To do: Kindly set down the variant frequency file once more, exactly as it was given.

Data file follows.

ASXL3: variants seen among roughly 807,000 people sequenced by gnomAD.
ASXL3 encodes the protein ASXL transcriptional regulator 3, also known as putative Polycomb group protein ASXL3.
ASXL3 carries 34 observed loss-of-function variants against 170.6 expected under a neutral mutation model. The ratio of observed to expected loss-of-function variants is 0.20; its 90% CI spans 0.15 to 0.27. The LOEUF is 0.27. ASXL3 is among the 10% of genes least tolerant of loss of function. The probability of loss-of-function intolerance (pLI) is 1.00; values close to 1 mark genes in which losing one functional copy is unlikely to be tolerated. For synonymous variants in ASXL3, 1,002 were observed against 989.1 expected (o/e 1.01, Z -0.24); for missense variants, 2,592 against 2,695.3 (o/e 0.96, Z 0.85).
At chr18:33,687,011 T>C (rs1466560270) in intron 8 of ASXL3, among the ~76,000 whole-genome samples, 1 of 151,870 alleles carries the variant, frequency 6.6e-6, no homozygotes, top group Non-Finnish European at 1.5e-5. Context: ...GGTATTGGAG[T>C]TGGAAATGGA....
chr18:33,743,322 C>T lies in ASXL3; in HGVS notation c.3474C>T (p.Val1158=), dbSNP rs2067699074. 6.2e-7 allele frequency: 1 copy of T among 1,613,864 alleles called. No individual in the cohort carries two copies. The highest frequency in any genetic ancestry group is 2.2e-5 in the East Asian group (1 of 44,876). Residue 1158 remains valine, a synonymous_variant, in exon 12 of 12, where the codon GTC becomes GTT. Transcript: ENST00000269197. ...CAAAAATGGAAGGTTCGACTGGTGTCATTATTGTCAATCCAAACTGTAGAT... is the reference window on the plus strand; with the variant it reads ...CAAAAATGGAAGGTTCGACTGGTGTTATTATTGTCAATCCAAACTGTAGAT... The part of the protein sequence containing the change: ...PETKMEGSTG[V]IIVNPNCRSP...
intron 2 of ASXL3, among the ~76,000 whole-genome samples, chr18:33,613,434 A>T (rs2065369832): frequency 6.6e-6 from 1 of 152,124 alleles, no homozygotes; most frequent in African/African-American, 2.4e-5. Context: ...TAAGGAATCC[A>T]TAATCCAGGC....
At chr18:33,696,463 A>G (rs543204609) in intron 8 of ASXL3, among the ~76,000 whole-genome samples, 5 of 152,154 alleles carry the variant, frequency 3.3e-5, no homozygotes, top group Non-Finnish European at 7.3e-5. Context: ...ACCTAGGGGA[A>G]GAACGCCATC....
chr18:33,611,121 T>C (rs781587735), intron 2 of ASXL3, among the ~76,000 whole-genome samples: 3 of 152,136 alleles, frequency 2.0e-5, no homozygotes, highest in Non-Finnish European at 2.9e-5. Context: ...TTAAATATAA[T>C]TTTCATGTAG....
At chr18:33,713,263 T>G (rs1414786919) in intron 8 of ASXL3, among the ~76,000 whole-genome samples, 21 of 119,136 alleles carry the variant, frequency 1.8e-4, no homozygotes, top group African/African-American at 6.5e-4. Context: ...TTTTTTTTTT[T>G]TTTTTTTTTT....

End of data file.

ASXL3: variants seen among roughly 807,000 people sequenced by gnomAD.
ASXL3 encodes the protein ASXL transcriptional regulator 3, also known as putative Polycomb group protein ASXL3.
ASXL3 carries 34 observed loss-of-function variants against 170.6 expected under a neutral mutation model. The ratio of observed to expected loss-of-function variants is 0.20; its 90% CI spans 0.15 to 0.27. The LOEUF is 0.27. ASXL3 is among the 10% of genes least tolerant of loss of function. The probability of loss-of-function intolerance (pLI) is 1.00; values close to 1 mark genes in which losing one functional copy is unlikely to be tolerated. For synonymous variants in ASXL3, 1,002 were observed against 989.1 expected (o/e 1.01, Z -0.24); for missense variants, 2,592 against 2,695.3 (o/e 0.96, Z 0.85).
At chr18:33,687,011 T>C (rs1466560270) in intron 8 of ASXL3, among the ~76,000 whole-genome samples, 1 of 151,870 alleles carries the variant, frequency 6.6e-6, no homozygotes, top group Non-Finnish European at 1.5e-5. Context: ...GGTATTGGAG[T>C]TGGAAATGGA....
chr18:33,743,322 C>T lies in ASXL3; in HGVS notation c.3474C>T (p.Val1158=), dbSNP rs2067699074. 6.2e-7 allele frequency: 1 copy of T among 1,613,864 alleles called. No individual in the cohort carries two copies. The highest frequency in any genetic ancestry group is 2.2e-5 in the East Asian group (1 of 44,876). Residue 1158 remains valine, a synonymous_variant, in exon 12 of 12, where the codon GTC becomes GTT. Transcript: ENST00000269197. ...CAAAAATGGAAGGTTCGACTGGTGTCATTATTGTCAATCCAAACTGTAGAT... is the reference window on the plus strand; with the variant it reads ...CAAAAATGGAAGGTTCGACTGGTGTTATTATTGTCAATCCAAACTGTAGAT... The part of the protein sequence containing the change: ...PETKMEGSTG[V]IIVNPNCRSP...
intron 2 of ASXL3, among the ~76,000 whole-genome samples, chr18:33,613,434 A>T (rs2065369832): frequency 6.6e-6 from 1 of 152,124 alleles, no homozygotes; most frequent in African/African-American, 2.4e-5. Context: ...TAAGGAATCC[A>T]TAATCCAGGC....
At chr18:33,696,463 A>G (rs543204609) in intron 8 of ASXL3, among the ~76,000 whole-genome samples, 5 of 152,154 alleles carry the variant, frequency 3.3e-5, no homozygotes, top group Non-Finnish European at 7.3e-5. Context: ...ACCTAGGGGA[A>G]GAACGCCATC....
chr18:33,611,121 T>C (rs781587735), intron 2 of ASXL3, among the ~76,000 whole-genome samples: 3 of 152,136 alleles, frequency 2.0e-5, no homozygotes, highest in Non-Finnish European at 2.9e-5. Context: ...TTAAATATAA[T>C]TTTCATGTAG....
At chr18:33,713,263 T>G (rs1414786919) in intron 8 of ASXL3, among the ~76,000 whole-genome samples, 21 of 119,136 alleles carry the variant, frequency 1.8e-4, no homozygotes, top group African/African-American at 6.5e-4. Context: ...TTTTTTTTTT[T>G]TTTTTTTTTT....